Section 5.2, Occupancy and Room Rate
According to the investigations conducted by Harewood (2006), no concise correlation exists between average daily room rate and occupancy. Although, it cannot be stated flatly that occupancy percentage is not an essential factor when setting room rates, this research approves that occupancy and room rates have greater effects from other factor such as location. Occupancy and room rates might possess some relationships that are controlled by demand within a hotel. For instance, when occupancy is high, managers choose to increase on room rates. On the other side, managers reduce room rates when occupancy is low. However, this strategy does not apply to hotels located away from the market centers such as airport and city centers. Therefore, we can applaud that hotels do not shift room prices majorly due to occupancy. O’Neill & Mattila (2006) identified room rate and occupancy to be vital elements of signaling the revenue awaited by a hotel. For instance, high occupancy would signify high income from other facilities within the hotel.
It is identifiable that there exists a strong correlation between the rack rate and ADR (Harewood, 2006). It was recorded under research results that almost all rack rates were higher than the ADR by a figure between 40 SAR and 600 SAR. What leads to these differences? Some customers have the willingness to pay for any amount as far as they get a room. This could, also, be attributed to better services being offered in those rooms sold at rack rates than the rest. Probably, there are quality furniture, space, and attendance among others. Customers in need of such services, therefore, choose to pay for rack rates. This allows revenue manager to maximize revenue by capturing as many customers as possible. For instance, the managers decide to regulate the price in a way that can accommodate customer who can only afford lower rates. On the other hand, they differentiate and discriminate among prices to exempt room competition. It would be expected that when room rates are similar, the customers will pay attention on a single type of rooms. Those who are not willing to waste time or who are in dire need of quality services avoid the competition. We can, therefore, applaud that differentiating ADR and rack rates is a vital factor of discrimination which facilitates the establishment of two distinct booking systems.
How do we perceive the issue relating to past and present finding? Do we really think that hotels that existed 20 years ago are similar to the ones running currently? The rise of information technology (IT) has established systems that facilitate faster and efficient communication than in the past. What establishment have IT achieved in hotel management? The stipulation of Ellerbrock, Hitet, & Wellst (1984) applauded the use of magazines in causing prior effects on occupancy rates. However, technology has made magazines inferior. Information can travel thousands of miles within a second. In contrast, magazines had to be printed and transported for days or months before reaching the target. Tourists have the access to transact with hotels throughout the globe. In fact, Gazzoli, Kim & Palakurthi (2008) marked the use of internet to be the strategy of advertisement that reaches a wider group of people. Ideally, since Hayes & Ninemeier (2006) recognized that there must be strategies to increase occupancy rates, IT has defined strategies that tie the globe together through media, internet, and websites among others. For these reasons, current hotels in Saudi Arabia have different and efficient strategies of advertisement.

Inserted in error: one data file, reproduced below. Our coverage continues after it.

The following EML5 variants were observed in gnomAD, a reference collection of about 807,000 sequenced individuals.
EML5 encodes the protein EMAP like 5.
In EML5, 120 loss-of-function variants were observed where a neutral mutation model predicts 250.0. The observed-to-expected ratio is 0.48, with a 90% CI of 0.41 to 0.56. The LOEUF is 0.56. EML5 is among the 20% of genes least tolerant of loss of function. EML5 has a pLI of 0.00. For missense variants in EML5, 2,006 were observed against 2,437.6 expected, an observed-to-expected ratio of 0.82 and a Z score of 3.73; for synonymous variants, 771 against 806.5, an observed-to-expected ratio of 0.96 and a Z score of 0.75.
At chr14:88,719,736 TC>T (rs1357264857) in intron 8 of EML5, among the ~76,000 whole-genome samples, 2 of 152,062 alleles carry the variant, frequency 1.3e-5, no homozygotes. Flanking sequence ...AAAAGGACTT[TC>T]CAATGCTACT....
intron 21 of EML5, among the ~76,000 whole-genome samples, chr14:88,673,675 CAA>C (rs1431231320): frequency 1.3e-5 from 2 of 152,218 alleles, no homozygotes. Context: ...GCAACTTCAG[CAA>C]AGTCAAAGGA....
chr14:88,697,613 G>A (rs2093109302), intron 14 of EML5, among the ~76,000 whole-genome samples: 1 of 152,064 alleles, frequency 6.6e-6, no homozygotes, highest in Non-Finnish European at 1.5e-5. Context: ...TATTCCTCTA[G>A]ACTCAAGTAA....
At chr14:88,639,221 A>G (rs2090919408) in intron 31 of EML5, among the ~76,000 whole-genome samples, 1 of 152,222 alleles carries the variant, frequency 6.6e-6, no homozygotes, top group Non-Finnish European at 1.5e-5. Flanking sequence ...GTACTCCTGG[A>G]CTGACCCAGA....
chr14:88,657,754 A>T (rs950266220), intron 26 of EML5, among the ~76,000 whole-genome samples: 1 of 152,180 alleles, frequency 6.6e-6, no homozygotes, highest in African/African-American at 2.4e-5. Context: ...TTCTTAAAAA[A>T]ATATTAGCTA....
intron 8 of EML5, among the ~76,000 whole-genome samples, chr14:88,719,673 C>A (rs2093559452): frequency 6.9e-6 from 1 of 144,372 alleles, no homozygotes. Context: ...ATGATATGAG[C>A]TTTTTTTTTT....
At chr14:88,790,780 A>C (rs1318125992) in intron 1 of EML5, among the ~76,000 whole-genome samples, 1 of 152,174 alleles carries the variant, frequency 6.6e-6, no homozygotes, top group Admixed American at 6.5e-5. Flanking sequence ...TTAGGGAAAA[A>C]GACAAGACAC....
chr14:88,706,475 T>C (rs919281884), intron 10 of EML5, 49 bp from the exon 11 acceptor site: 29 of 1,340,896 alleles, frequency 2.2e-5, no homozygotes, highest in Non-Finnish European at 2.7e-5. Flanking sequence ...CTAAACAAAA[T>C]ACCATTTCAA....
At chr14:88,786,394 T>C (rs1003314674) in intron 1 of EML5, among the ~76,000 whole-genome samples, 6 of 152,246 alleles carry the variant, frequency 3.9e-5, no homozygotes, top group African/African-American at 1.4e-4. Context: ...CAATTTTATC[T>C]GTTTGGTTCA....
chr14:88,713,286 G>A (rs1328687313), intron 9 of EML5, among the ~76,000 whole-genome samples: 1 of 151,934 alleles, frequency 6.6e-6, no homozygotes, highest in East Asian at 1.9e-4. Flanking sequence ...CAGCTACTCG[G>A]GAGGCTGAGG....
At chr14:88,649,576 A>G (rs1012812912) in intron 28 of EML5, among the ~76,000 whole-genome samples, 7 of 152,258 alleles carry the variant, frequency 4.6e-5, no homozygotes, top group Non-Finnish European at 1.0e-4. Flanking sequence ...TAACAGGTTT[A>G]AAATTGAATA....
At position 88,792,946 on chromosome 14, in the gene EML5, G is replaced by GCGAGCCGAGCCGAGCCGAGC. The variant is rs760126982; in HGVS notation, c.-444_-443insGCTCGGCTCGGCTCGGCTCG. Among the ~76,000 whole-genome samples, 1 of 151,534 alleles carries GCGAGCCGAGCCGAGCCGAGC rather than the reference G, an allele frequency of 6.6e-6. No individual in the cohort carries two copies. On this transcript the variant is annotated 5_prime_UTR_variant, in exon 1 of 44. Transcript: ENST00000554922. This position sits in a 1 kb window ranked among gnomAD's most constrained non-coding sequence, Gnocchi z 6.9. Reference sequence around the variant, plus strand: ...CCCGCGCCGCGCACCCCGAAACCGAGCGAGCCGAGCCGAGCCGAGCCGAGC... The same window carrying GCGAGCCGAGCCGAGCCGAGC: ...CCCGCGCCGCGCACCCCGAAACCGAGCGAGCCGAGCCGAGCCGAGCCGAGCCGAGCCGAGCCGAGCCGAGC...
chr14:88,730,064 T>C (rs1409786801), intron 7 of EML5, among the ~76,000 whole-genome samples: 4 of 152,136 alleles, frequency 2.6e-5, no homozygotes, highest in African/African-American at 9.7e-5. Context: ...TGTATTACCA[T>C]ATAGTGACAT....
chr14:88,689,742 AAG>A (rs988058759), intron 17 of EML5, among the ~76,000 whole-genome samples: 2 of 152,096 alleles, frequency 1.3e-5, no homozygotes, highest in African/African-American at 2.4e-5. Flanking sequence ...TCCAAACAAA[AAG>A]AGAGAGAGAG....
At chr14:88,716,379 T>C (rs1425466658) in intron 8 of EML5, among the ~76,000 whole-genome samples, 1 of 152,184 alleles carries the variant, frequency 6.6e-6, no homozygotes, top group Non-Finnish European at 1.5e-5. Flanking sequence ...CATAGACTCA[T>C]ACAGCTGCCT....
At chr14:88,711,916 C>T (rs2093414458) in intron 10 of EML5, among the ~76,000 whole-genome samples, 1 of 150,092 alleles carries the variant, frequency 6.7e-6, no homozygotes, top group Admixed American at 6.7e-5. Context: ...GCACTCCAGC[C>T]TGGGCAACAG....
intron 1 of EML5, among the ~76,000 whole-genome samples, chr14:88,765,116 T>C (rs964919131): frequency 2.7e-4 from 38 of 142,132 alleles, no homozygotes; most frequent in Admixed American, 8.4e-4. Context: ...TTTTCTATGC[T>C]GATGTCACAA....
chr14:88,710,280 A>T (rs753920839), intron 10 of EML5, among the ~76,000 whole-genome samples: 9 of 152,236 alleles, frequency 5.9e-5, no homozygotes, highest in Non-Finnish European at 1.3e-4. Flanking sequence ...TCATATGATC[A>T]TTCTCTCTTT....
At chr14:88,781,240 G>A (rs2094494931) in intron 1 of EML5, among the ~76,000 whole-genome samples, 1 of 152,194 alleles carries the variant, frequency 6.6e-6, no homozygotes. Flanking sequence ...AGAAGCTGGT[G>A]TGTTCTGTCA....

The use of closed to arrivals (CTA) and minimum length of stay (MLOS) is a vital factor in all hotels especially when demand is high. According to Talluri and Ryzin (2005), these strategies play a fundamental role in revenue maximization. This research identified that there exists a critical situation where arrivals must book earlier. In case the customers are not able to book earlier, they pay higher prices than to those who book earlier. These finding were consistent with the findings of Hayes & Ninemeier (2006) that revealed the need of earlier booking. They had evaluated a case in Veema Hotel that depicted the need to book rooms one day before arrival. In compliance to their findings, this research revealed that hotel management tries to encourage customer to book rooms before arriving. Gurbuz (2011) had noted that length of stay was a crucial factor in revenues maximization. Additionally, Noone and Colleagues supported the same stipulation by stating that a combination of CTA and MLOS maximizes revenues attainable for a single transaction. This research depicts replica ideas on the issue. Many hotels were determined to use CTA and MLOS to increase their revenue and restrict some customer when the demand is high. However, this research does not disapprove the findings of Shoemaker (2003) who stated that customer attain a negative attitude towards hotels using CTA and MLOS. Some hotels could identify the negative attitude that arises from CTA and MLOS. In fact, these are the strategies that Schuessler (2010) acknowledged to cause loss of customers.